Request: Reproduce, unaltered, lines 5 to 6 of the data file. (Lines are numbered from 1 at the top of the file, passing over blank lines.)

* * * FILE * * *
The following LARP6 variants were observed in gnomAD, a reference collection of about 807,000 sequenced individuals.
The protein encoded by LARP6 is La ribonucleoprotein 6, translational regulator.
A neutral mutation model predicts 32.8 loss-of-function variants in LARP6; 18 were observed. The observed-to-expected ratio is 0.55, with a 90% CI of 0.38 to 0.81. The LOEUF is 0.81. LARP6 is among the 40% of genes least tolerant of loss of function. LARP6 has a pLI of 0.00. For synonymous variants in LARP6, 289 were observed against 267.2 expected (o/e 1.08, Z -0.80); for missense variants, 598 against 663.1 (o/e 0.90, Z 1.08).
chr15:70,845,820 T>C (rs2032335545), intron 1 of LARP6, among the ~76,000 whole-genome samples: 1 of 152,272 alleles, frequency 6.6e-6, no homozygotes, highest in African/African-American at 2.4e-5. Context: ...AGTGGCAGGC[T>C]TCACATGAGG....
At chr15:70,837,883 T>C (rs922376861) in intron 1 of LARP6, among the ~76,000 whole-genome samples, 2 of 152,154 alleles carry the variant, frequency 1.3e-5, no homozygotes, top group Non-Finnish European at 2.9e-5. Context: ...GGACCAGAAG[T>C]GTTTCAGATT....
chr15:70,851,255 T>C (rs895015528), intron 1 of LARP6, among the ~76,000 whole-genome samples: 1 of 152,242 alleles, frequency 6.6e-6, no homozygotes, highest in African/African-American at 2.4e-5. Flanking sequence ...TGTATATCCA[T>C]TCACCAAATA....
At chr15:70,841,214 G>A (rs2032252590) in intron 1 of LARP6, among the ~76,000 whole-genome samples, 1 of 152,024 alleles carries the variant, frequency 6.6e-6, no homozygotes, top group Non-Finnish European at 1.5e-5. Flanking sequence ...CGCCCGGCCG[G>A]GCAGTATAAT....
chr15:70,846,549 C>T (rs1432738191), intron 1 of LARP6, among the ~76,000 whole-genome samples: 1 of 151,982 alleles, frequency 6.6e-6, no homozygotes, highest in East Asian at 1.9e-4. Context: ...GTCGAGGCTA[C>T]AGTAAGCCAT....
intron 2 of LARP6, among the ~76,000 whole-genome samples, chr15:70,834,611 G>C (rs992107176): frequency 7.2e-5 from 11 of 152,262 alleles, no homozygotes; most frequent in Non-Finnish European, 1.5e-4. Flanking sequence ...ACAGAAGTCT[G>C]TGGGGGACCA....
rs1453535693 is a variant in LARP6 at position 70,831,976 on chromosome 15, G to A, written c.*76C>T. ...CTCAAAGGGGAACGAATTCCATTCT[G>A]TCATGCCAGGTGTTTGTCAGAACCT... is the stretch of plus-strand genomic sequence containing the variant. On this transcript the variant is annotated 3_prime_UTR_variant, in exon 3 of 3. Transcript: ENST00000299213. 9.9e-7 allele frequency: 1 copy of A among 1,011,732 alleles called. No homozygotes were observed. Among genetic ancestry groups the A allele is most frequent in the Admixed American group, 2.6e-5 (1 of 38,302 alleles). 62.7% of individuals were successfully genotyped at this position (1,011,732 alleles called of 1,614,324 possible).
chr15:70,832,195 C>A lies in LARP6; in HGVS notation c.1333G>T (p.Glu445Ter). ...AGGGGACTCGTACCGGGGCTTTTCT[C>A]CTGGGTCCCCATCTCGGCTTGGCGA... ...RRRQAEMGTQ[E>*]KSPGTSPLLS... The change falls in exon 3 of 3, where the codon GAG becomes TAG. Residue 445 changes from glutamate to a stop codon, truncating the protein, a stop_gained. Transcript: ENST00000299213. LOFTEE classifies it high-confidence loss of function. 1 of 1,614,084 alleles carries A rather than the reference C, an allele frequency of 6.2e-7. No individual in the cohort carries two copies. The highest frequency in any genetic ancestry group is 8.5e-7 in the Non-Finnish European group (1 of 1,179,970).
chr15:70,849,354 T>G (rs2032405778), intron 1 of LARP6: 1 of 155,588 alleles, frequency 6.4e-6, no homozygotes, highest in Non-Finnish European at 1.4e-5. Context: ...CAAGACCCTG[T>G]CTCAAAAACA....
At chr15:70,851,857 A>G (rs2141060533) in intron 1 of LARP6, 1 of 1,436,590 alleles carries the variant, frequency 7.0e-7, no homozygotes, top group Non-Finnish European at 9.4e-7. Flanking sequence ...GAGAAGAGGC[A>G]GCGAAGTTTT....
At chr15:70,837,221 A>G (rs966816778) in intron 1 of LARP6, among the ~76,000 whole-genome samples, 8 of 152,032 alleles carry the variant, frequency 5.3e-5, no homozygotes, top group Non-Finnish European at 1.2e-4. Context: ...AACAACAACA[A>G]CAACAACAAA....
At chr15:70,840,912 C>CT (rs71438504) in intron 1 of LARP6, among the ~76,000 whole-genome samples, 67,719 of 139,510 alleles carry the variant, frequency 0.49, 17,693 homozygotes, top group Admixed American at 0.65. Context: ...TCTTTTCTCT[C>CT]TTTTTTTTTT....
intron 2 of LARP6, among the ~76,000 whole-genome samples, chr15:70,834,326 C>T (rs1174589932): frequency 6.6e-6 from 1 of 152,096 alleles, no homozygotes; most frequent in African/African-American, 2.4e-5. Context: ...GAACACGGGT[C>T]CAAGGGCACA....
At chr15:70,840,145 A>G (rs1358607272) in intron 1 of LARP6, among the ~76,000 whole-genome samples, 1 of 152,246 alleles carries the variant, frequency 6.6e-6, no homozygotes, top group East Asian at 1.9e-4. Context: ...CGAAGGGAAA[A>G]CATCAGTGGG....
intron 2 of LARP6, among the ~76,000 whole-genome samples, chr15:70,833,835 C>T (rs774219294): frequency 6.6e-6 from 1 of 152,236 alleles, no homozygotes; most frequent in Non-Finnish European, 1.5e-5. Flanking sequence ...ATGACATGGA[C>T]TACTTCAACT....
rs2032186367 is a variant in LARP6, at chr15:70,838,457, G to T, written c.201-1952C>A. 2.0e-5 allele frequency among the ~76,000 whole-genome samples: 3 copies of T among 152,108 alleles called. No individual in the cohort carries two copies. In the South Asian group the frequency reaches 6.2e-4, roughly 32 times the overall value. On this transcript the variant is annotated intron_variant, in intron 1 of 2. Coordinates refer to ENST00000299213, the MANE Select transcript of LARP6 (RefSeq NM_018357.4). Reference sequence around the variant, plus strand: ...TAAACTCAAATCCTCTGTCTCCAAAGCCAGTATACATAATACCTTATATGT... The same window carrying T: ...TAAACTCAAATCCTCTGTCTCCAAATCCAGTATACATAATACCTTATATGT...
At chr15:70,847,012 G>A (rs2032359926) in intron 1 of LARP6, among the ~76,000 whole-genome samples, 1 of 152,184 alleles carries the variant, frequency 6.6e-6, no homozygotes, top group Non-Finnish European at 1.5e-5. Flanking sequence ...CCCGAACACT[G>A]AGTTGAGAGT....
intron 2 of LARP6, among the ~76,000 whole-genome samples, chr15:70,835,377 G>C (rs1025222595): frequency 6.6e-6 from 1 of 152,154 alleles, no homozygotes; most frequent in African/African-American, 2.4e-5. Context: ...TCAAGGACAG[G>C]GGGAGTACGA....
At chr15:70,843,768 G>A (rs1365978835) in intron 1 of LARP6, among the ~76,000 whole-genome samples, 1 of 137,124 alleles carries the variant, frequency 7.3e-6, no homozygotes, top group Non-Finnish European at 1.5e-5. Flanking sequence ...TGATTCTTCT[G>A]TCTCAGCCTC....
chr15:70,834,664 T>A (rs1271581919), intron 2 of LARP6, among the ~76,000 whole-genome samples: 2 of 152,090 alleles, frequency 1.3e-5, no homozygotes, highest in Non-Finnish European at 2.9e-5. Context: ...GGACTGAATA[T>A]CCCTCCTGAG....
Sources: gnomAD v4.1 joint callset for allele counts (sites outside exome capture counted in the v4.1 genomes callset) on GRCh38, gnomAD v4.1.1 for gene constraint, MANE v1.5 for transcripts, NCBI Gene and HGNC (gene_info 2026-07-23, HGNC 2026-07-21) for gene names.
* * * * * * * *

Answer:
At chr15:70,837,883 T>C (rs922376861) in intron 1 of LARP6, among the ~76,000 whole-genome samples, 2 of 152,154 alleles carry the variant, frequency 1.3e-5, no homozygotes, top group Non-Finnish European at 2.9e-5. Context: ...GGACCAGAAG[T>C]GTTTCAGATT....
chr15:70,851,255 T>C (rs895015528), intron 1 of LARP6, among the ~76,000 whole-genome samples: 1 of 152,242 alleles, frequency 6.6e-6, no homozygotes, highest in African/African-American at 2.4e-5. Flanking sequence ...TGTATATCCA[T>C]TCACCAAATA....